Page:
Wednesday, January 13, 2016

"Sicario" maps out the problems of the "fibbies" in carrying out the war on drugs, especially against the cartels


Sicario” (2015, directed by Dennis Villeneuve) may not be for everyone, but it does dramatize the practical problems law enforcement agents face in conducting this “war on drugs”.  Does the film support libertarian positions?

Emily Blunt plays FBI agent Kate Macer, paired with Reggie (Daniel Kaluuya), who discovers corpses and other novel evidence in a big raid in Chandler AZ.  She gets a “recommend” from her boss  Dave Jennings (Victor Garber) to CIA agent Matt Garver (Josh Brolin) with a native partner Alejandro (Benicio del Toro), to help extradite drug kinpin Diaz (Bernado P. Saracino) near Cuidad Juarez, across the border from El Paso.

The ensuing scrambles (including a big scene on the Bridge of the Americas (BOTA), on the weekend that I moved to Texas in January 1979) will certainly test Kate’s ideas of law and order, and loyalty.  She finds out that there is a political agenda, to retain a certain stability, more than just prosecute, where jurisdiction matters.  There are some scenes involving the tunnels that even Donald Trump doesn’t know about yet.



This may be a spoiler, but Alejandro, at the end, forces Kate to sign a statement that they went “by the book”, at gun point.  The effect is somewhat silly.  But the film ends with a scene of kids playing soccer, which recalls the moving epilogue to a 1940s classic, “A Canterbury Tale”.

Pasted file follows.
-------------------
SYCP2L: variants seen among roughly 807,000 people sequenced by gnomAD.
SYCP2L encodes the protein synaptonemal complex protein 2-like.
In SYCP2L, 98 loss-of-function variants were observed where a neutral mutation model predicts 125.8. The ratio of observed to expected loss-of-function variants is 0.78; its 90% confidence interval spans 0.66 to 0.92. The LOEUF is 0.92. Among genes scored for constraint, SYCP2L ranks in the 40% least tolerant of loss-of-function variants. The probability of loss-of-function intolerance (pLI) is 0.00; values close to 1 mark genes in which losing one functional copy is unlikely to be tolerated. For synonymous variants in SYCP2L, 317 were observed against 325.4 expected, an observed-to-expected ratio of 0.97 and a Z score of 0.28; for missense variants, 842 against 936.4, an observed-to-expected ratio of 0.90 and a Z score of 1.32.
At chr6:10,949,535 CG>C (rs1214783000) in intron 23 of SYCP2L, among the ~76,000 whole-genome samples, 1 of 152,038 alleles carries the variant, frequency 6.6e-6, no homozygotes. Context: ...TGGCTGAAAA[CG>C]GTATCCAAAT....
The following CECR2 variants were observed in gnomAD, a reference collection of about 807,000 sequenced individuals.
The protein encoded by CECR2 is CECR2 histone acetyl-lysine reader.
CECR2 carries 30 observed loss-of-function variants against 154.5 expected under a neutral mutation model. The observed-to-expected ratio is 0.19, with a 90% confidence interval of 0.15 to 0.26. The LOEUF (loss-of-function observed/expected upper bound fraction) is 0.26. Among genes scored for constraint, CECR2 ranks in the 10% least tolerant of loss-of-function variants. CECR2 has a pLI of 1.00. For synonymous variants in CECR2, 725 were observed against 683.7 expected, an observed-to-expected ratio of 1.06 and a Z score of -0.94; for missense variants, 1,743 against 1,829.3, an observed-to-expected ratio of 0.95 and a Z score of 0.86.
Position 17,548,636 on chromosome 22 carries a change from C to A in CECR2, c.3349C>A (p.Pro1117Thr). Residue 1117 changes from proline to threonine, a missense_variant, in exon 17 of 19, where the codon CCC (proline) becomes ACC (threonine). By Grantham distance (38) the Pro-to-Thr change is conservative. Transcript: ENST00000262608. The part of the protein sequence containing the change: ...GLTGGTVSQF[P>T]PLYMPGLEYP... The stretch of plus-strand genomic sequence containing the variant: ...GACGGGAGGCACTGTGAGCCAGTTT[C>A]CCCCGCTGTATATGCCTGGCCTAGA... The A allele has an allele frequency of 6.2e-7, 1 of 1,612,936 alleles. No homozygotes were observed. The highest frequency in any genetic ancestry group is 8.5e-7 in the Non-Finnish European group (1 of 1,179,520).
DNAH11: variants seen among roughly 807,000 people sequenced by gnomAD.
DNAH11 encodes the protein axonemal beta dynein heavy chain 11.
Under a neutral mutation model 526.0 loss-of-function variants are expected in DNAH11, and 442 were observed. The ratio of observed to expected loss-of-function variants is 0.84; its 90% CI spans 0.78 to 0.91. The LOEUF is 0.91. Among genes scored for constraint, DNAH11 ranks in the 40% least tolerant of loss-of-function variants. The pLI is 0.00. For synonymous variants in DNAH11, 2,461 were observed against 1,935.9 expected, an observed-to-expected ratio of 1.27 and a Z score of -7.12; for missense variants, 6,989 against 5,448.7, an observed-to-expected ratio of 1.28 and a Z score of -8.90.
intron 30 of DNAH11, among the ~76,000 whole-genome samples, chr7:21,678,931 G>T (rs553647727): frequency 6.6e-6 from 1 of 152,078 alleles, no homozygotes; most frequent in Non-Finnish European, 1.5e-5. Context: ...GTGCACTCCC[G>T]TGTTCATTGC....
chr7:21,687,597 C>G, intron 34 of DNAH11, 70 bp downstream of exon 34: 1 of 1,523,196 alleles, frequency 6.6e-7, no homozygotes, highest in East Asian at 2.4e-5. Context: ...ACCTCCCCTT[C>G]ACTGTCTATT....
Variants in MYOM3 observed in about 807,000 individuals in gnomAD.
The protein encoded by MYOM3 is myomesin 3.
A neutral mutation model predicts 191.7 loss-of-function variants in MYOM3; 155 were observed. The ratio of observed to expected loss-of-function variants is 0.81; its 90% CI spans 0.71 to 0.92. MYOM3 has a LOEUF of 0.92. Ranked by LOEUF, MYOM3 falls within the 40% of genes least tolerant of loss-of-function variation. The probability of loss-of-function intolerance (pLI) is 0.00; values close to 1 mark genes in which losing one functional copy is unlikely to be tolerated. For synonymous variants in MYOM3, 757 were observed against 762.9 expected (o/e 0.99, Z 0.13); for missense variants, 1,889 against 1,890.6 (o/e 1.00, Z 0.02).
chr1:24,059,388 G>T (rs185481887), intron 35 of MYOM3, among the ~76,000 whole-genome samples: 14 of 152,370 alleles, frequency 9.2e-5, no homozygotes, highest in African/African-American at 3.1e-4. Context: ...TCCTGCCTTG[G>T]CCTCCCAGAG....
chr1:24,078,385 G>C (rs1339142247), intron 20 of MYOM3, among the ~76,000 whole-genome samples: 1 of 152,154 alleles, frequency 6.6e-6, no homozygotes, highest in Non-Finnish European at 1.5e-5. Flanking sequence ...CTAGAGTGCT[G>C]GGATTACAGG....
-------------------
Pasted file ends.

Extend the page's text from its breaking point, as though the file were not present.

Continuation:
The brooding, dissonant music score (a lot of use of a half-step interval) was composed by Johann Johannson.

The official site is here  (Lionsgate and Black Label Media). Much of the film was shot in New Mexico.  The film tells us that the title means “hit man” and was also a term used during the fall of the Roman Empire.

Wikipedia attribution link for NASA photo of El Paso-Juarez area, public domain.

Rolling Stone has Sean Penn’s 17-minute interview with El Chapo, and article, online.  Fox News has a story saying that Sean Penn blames the US policies for drug violence. Sean Penn will not face legal repercussions (CBS News).   But El Chapo’s desire for movie fame may have been part of his being recaptured.

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